A simple method for exfoliating pristine graphite to yield mono-, bi-, and multi-layers of graphene sheets as a highly concentrated (5.25 mg/mL) and yielded solution in an organic solvent was developed. Pre-thermal treatment of pristine graphite at 900℃ in a sealed stainless steel bath under high pressures, followed by sonication in 1-methyl-2-pyrrolidinone solvent at elevated temperatures, produced a homogeneous, well-dispersed, and non-oxidized graphene solution with a low defect density. The electrical conductivities of the graphene sheets were very high, up to 848 S/cm. These graphene sheets were used to fabricate graphene-polyimide nanocomposites, which displayed a higher electrical conductivity (1.37 S/m) with an improved tensile strength (95 MPa). The synthesized graphene sheets and nanocomposites were characterized by transmission electron microscopy, scanning electron microscopy, atomic force microscopy, X-ray photoelectron spectroscopy, and Raman spectroscopy.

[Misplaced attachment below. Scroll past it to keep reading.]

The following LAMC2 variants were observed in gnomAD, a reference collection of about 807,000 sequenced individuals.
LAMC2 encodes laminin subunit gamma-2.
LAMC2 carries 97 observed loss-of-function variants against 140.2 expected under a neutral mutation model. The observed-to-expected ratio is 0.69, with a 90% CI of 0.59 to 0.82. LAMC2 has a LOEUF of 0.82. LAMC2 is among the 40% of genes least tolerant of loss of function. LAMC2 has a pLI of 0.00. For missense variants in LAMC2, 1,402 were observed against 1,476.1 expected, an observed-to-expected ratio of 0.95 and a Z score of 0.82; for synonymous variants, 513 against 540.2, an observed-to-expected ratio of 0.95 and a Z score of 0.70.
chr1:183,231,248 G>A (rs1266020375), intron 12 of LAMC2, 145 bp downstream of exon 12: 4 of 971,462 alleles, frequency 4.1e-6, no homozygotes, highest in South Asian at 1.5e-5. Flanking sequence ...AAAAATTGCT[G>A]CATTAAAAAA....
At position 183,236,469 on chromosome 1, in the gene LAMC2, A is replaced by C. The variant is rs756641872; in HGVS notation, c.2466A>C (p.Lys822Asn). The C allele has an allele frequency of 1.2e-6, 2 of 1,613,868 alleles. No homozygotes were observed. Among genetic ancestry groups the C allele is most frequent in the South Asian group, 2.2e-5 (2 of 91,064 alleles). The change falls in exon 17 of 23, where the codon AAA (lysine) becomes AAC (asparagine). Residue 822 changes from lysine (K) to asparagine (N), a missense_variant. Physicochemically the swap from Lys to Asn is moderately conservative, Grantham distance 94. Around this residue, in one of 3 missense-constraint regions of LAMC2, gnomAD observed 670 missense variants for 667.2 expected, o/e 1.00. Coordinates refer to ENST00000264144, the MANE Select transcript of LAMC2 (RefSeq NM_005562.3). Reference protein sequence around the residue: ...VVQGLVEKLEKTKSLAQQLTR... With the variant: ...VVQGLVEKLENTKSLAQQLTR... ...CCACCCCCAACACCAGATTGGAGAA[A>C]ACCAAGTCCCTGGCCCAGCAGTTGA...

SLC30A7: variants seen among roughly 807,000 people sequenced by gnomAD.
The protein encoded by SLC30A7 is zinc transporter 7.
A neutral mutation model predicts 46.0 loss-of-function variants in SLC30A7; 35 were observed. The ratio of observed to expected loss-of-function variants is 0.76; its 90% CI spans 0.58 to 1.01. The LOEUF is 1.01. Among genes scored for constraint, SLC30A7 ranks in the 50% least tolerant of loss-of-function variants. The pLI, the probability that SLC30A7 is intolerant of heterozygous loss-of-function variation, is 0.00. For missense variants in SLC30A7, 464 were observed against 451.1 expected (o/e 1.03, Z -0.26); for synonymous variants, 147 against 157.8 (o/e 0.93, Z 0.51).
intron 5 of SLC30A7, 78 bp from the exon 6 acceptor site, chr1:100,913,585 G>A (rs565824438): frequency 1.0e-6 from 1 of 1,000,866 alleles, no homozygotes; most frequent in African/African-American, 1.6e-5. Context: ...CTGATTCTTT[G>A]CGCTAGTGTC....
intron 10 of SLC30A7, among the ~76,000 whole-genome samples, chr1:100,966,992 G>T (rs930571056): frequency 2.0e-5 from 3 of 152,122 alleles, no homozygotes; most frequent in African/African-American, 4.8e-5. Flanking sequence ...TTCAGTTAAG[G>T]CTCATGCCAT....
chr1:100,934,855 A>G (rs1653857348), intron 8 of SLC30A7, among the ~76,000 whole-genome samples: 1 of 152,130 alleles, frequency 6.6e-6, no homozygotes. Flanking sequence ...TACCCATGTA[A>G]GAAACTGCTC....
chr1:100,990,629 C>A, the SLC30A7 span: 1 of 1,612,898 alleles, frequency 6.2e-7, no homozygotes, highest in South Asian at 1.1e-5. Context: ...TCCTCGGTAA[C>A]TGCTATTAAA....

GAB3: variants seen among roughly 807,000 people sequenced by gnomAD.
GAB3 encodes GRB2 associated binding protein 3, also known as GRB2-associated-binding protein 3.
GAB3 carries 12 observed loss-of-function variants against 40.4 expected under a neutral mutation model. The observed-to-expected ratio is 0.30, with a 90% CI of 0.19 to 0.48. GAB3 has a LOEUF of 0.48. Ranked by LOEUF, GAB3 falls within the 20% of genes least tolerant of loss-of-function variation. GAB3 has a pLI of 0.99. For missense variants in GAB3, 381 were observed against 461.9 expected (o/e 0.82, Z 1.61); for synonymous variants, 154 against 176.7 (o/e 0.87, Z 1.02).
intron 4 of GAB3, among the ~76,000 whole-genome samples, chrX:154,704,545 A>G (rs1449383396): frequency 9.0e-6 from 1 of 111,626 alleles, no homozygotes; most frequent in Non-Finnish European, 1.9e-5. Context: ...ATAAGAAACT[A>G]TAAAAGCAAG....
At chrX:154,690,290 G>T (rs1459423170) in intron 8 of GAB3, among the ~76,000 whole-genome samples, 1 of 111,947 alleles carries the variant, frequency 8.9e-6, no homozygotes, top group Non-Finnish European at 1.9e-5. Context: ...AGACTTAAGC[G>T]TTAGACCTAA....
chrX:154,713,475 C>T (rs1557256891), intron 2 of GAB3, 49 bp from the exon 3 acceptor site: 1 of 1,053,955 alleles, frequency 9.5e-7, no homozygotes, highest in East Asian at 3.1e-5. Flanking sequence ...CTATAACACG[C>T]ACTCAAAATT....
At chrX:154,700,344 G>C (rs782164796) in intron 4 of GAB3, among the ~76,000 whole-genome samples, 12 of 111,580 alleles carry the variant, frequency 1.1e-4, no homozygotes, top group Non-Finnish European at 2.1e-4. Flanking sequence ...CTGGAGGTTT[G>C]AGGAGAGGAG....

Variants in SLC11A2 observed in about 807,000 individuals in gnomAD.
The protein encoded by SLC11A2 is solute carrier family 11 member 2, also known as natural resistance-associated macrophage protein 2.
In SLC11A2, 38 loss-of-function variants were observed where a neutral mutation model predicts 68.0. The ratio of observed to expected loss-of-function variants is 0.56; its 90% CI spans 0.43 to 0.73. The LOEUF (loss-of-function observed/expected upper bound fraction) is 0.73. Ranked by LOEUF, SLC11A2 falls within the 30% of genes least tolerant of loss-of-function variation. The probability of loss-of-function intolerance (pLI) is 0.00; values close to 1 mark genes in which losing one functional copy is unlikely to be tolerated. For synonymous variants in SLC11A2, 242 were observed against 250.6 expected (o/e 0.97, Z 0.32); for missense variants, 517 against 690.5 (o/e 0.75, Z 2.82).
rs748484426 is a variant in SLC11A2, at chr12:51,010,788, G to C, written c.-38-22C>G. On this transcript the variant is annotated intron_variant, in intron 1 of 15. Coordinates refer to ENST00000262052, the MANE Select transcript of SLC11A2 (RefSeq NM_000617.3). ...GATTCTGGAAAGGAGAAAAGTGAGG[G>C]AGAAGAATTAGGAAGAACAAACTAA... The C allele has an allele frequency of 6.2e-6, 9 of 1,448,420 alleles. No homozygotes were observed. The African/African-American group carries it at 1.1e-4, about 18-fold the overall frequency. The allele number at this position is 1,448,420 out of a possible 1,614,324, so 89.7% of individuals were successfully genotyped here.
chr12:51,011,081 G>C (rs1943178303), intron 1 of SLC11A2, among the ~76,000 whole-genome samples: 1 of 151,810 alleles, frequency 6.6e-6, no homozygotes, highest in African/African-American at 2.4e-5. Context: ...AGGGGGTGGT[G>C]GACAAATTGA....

Keywords
Introduction
Graphene is formed by a single atomic layer of sp 2 -bonded carbon atoms arranged in a honeycomb lattice and exhibits remarkable electronic, thermal, and mechanical properties. 1-3 Several techniques for preparing graphene sheets have been developed since 2004. 4 Chemical vapor deposition 5 and epitaxial growth 6,7 yield graphene with a relatively small number of defects, making these techniques promising for applications in electronic devices; however, these surfacebased techniques are not scalable to large scale manufacturing applications. Larger quantities of graphene sheets can be produced via physical or chemical exfoliation of graphite. 8,9 These techniques are relatively cheap and versatile as they can be combined with other chemical treatments.